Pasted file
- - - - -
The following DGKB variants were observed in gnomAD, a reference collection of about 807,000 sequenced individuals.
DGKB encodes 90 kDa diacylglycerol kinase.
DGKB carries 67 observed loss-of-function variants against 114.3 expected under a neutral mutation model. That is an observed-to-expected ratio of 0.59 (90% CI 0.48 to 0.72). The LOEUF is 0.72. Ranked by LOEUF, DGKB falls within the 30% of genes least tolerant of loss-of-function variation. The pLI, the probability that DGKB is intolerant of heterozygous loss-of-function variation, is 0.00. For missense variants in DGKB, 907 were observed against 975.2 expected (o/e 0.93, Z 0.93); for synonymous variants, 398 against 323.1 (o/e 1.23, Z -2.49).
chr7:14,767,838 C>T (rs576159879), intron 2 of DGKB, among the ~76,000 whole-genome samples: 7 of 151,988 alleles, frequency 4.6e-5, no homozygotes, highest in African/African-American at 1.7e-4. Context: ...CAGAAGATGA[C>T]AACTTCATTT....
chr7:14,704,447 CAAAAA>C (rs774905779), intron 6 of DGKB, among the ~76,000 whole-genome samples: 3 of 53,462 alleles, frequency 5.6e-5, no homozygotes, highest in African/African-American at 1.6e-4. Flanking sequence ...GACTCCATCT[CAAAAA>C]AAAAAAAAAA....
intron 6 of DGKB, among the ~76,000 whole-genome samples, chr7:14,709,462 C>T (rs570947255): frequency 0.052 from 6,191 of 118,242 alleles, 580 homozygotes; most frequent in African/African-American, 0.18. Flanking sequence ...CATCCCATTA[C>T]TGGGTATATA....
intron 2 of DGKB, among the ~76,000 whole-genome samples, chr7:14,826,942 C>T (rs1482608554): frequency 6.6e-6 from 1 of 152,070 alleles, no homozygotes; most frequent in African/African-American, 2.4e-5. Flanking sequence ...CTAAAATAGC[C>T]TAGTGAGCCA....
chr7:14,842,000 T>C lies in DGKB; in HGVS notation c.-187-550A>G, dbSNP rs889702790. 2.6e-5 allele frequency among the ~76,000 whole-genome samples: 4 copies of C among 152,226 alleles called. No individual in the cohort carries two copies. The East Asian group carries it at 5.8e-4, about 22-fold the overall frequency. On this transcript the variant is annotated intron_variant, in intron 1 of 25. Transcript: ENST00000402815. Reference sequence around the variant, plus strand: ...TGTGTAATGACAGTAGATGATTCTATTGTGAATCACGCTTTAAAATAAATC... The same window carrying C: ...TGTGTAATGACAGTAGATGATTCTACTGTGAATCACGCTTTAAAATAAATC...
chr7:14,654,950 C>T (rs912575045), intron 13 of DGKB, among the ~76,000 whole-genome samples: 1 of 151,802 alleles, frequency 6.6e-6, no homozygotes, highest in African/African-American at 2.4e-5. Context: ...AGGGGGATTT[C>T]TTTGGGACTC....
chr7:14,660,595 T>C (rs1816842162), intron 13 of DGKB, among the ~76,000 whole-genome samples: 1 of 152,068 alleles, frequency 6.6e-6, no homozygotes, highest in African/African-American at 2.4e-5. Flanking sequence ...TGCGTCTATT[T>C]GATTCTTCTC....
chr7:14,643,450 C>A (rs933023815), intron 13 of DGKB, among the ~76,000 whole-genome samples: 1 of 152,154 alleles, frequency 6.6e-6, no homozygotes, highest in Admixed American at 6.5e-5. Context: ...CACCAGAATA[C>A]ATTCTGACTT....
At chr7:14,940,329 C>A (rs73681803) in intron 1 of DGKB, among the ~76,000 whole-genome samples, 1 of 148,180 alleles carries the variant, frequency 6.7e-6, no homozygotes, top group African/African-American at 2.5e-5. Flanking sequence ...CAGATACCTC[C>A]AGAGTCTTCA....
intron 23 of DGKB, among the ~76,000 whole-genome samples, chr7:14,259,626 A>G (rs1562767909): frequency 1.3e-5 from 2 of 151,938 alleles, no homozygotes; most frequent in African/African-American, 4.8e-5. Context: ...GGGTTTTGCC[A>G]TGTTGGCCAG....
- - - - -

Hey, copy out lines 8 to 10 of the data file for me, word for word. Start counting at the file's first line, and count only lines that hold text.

chr7:14,842,000 T>C lies in DGKB; in HGVS notation c.-187-550A>G, dbSNP rs889702790. 2.6e-5 allele frequency among the ~76,000 whole-genome samples: 4 copies of C among 152,226 alleles called. No individual in the cohort carries two copies. The East Asian group carries it at 5.8e-4, about 22-fold the overall frequency. On this transcript the variant is annotated intron_variant, in intron 1 of 25. Transcript: ENST00000402815. Reference sequence around the variant, plus strand: ...TGTGTAATGACAGTAGATGATTCTATTGTGAATCACGCTTTAAAATAAATC... The same window carrying C: ...TGTGTAATGACAGTAGATGATTCTACTGTGAATCACGCTTTAAAATAAATC...
chr7:14,654,950 C>T (rs912575045), intron 13 of DGKB, among the ~76,000 whole-genome samples: 1 of 151,802 alleles, frequency 6.6e-6, no homozygotes, highest in African/African-American at 2.4e-5. Context: ...AGGGGGATTT[C>T]TTTGGGACTC....
chr7:14,660,595 T>C (rs1816842162), intron 13 of DGKB, among the ~76,000 whole-genome samples: 1 of 152,068 alleles, frequency 6.6e-6, no homozygotes, highest in African/African-American at 2.4e-5. Flanking sequence ...TGCGTCTATT[T>C]GATTCTTCTC....